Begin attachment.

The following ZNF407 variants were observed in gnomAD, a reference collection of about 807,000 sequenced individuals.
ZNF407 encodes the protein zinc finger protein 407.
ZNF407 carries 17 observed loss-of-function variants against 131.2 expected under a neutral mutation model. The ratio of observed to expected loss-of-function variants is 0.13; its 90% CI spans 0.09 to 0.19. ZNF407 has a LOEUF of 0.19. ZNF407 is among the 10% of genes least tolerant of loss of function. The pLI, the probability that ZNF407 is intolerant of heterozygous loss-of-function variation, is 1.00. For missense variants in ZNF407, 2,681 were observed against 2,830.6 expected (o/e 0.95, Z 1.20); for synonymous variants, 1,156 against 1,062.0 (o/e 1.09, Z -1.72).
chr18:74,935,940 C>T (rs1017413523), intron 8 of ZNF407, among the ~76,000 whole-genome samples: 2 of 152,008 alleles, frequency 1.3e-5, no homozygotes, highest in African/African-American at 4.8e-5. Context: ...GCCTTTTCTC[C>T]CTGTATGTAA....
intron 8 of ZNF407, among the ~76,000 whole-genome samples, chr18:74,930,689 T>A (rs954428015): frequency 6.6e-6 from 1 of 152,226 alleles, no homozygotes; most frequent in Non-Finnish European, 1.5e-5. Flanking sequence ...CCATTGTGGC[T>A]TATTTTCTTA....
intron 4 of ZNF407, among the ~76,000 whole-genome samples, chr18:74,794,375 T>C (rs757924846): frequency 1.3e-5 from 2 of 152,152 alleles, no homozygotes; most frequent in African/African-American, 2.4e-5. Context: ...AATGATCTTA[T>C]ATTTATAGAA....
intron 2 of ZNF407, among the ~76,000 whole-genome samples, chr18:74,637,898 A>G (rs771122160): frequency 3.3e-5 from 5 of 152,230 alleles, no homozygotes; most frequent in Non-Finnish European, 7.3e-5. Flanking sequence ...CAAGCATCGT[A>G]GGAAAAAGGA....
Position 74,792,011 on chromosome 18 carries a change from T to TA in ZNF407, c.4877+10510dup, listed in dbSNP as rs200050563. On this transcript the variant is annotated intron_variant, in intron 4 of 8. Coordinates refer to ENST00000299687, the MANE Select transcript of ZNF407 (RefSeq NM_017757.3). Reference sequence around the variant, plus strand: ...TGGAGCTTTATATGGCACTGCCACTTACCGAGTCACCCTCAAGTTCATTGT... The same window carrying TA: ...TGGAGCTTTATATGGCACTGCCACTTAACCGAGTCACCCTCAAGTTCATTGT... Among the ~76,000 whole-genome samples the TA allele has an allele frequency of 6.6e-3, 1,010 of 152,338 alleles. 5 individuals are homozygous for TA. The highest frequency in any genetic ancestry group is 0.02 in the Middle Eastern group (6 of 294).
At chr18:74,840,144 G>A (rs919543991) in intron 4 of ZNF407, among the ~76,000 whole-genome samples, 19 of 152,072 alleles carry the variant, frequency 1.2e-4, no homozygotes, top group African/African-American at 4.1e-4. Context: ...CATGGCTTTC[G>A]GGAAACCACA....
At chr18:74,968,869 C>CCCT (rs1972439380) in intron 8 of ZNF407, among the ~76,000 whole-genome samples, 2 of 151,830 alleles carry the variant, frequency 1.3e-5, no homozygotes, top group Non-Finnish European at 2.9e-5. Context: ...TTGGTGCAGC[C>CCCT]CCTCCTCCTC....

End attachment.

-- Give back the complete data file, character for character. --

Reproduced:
The following ZNF407 variants were observed in gnomAD, a reference collection of about 807,000 sequenced individuals.
ZNF407 encodes the protein zinc finger protein 407.
ZNF407 carries 17 observed loss-of-function variants against 131.2 expected under a neutral mutation model. The ratio of observed to expected loss-of-function variants is 0.13; its 90% CI spans 0.09 to 0.19. ZNF407 has a LOEUF of 0.19. ZNF407 is among the 10% of genes least tolerant of loss of function. The pLI, the probability that ZNF407 is intolerant of heterozygous loss-of-function variation, is 1.00. For missense variants in ZNF407, 2,681 were observed against 2,830.6 expected (o/e 0.95, Z 1.20); for synonymous variants, 1,156 against 1,062.0 (o/e 1.09, Z -1.72).
chr18:74,935,940 C>T (rs1017413523), intron 8 of ZNF407, among the ~76,000 whole-genome samples: 2 of 152,008 alleles, frequency 1.3e-5, no homozygotes, highest in African/African-American at 4.8e-5. Context: ...GCCTTTTCTC[C>T]CTGTATGTAA....
intron 8 of ZNF407, among the ~76,000 whole-genome samples, chr18:74,930,689 T>A (rs954428015): frequency 6.6e-6 from 1 of 152,226 alleles, no homozygotes; most frequent in Non-Finnish European, 1.5e-5. Flanking sequence ...CCATTGTGGC[T>A]TATTTTCTTA....
intron 4 of ZNF407, among the ~76,000 whole-genome samples, chr18:74,794,375 T>C (rs757924846): frequency 1.3e-5 from 2 of 152,152 alleles, no homozygotes; most frequent in African/African-American, 2.4e-5. Context: ...AATGATCTTA[T>C]ATTTATAGAA....
intron 2 of ZNF407, among the ~76,000 whole-genome samples, chr18:74,637,898 A>G (rs771122160): frequency 3.3e-5 from 5 of 152,230 alleles, no homozygotes; most frequent in Non-Finnish European, 7.3e-5. Flanking sequence ...CAAGCATCGT[A>G]GGAAAAAGGA....
Position 74,792,011 on chromosome 18 carries a change from T to TA in ZNF407, c.4877+10510dup, listed in dbSNP as rs200050563. On this transcript the variant is annotated intron_variant, in intron 4 of 8. Coordinates refer to ENST00000299687, the MANE Select transcript of ZNF407 (RefSeq NM_017757.3). Reference sequence around the variant, plus strand: ...TGGAGCTTTATATGGCACTGCCACTTACCGAGTCACCCTCAAGTTCATTGT... The same window carrying TA: ...TGGAGCTTTATATGGCACTGCCACTTAACCGAGTCACCCTCAAGTTCATTGT... Among the ~76,000 whole-genome samples the TA allele has an allele frequency of 6.6e-3, 1,010 of 152,338 alleles. 5 individuals are homozygous for TA. The highest frequency in any genetic ancestry group is 0.02 in the Middle Eastern group (6 of 294).
At chr18:74,840,144 G>A (rs919543991) in intron 4 of ZNF407, among the ~76,000 whole-genome samples, 19 of 152,072 alleles carry the variant, frequency 1.2e-4, no homozygotes, top group African/African-American at 4.1e-4. Context: ...CATGGCTTTC[G>A]GGAAACCACA....
At chr18:74,968,869 C>CCCT (rs1972439380) in intron 8 of ZNF407, among the ~76,000 whole-genome samples, 2 of 151,830 alleles carry the variant, frequency 1.3e-5, no homozygotes, top group Non-Finnish European at 2.9e-5. Context: ...TTGGTGCAGC[C>CCCT]CCTCCTCCTC....